New Downs is another large area of mixed land use between farms, flood mitigation pools, and the River Stour. It’s a great place for a long walk within the Stour Valley Walk and England Coast Path.

Find New Downs on our Recording Area map HERE.

New Downs from the air

In spring, this is a local hotspot for both Greenfinch and White Wagtail. You can often spot Avocet on the pools and maybe a passing Red Kite. Four-spotted Chaser is an early dragonfly species to look out for, particularly around the reedy areas.

In summer, listen for Reed Warblers in the ditches and Skylarks in the fields. You might find some large numbers of Mediterranean Gulls. Key invertebrates include Clouded Yellow and Essex Skipper butterflies as well as Red-veined Darter and Ruddy Darter dragonflies.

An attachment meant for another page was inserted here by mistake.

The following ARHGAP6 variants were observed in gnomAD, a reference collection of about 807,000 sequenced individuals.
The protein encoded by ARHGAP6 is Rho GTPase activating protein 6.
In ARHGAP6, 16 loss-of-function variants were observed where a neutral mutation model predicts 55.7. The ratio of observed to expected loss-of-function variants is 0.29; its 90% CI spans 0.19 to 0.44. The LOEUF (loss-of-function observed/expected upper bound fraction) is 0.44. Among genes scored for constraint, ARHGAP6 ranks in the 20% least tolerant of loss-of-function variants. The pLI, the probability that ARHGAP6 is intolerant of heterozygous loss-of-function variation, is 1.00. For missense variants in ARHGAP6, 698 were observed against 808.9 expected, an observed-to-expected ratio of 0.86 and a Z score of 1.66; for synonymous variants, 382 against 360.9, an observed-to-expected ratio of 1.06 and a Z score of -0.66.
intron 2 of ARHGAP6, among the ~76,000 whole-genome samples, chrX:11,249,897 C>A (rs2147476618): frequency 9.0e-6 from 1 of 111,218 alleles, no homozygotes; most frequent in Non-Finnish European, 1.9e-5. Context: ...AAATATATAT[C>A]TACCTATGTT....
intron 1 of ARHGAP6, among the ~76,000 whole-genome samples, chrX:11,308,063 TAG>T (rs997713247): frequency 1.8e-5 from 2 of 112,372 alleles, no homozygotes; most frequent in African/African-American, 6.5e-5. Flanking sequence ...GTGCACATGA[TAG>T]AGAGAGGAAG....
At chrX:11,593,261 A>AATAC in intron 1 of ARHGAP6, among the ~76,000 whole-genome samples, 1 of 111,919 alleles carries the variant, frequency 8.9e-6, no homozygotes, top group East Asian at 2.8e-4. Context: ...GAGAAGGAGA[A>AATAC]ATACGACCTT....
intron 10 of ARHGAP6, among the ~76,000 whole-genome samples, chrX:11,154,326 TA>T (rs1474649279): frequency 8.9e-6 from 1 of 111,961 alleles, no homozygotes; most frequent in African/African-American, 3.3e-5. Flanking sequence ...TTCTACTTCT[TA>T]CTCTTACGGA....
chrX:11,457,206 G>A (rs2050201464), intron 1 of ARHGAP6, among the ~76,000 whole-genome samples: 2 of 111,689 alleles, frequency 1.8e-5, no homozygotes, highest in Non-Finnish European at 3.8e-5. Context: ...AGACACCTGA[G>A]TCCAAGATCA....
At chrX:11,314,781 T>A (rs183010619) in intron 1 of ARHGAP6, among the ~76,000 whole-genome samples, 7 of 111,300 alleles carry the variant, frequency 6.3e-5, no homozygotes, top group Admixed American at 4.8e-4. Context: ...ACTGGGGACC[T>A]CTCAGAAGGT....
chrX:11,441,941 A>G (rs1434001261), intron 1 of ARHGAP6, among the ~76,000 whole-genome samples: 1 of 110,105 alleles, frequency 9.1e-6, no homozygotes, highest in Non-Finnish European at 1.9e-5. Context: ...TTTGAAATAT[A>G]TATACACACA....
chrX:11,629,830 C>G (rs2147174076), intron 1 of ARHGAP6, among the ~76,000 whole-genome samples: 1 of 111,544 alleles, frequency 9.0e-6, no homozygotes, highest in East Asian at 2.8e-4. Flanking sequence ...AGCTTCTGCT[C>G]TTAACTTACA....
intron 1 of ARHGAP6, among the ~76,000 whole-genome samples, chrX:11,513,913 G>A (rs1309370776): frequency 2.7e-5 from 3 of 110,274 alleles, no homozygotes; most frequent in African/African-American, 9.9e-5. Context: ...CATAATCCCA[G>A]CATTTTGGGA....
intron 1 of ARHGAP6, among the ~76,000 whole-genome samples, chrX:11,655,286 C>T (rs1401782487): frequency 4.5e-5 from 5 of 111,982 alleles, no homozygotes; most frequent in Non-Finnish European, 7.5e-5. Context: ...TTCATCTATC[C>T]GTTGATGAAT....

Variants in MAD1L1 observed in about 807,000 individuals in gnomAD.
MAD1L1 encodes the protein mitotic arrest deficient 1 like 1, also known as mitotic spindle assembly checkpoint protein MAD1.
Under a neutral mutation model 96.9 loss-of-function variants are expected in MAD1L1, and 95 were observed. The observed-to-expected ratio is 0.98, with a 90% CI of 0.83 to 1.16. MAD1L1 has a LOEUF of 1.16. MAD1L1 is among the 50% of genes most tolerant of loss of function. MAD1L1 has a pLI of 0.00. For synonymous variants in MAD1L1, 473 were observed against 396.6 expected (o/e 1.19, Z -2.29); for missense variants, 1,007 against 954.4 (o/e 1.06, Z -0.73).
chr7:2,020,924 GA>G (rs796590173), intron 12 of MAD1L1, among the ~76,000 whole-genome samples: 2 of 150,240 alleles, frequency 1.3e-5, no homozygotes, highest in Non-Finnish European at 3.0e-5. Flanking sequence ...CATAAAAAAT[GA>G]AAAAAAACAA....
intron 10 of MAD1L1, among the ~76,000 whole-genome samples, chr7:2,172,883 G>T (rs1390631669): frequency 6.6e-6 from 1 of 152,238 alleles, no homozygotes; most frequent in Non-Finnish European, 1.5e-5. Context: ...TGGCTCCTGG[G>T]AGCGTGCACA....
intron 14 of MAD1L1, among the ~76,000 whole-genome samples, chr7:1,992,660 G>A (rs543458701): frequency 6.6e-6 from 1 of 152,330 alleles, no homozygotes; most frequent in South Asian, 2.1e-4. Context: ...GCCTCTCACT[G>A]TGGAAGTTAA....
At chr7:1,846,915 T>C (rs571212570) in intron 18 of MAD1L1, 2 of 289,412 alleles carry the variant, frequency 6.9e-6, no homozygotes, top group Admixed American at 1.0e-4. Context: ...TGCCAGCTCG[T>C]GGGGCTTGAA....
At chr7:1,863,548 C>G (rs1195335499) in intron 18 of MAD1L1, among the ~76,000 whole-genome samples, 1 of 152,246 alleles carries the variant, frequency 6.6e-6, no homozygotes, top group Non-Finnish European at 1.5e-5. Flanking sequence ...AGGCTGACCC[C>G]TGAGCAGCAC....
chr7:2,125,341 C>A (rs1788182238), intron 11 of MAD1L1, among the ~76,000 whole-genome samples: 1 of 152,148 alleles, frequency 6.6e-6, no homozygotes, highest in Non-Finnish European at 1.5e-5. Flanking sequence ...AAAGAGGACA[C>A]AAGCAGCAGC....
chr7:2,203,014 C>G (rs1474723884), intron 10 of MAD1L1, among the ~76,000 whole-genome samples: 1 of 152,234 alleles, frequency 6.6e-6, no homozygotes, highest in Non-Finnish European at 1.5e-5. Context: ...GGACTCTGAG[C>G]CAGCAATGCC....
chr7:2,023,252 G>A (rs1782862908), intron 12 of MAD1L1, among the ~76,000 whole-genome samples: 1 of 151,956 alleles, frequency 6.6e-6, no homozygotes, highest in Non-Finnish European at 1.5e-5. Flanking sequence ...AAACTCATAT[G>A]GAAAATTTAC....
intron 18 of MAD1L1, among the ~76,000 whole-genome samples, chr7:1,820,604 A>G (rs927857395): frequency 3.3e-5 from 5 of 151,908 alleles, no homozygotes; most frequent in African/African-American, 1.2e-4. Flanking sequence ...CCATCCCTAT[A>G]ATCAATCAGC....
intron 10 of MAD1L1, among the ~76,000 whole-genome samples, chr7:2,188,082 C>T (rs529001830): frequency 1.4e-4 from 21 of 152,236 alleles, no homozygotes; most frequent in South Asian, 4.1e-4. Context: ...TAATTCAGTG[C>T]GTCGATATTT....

Clouded Yellow by Paul Coltman

In autumn, the pools can hold many wading species such as Whimbrel, Little Stint, Curlew Sandpiper, and Spotted Redshank, so don’t forget to brush up before you go. The bushes near New Downs New Pool are a great migrant trap and regularly provide interesting records, with Wryneck, Yellow-browed Warbler, Nightingale, and Pied Flycatcher all found recently. For late invertebrate species look for Black-tailed Skimmer and Migrant Hawker dragonflies and Firebugs on the Tree Mallow.

Winter is the time to see important flocks of Lapwing and Golden Plover whirling around. They regularly attract in a few Redshanks and Dunlins whilst checking the surrounding reservoirs may provide you with Pochard, or even a scarce Grebe.

Lapwings by Steve Ray
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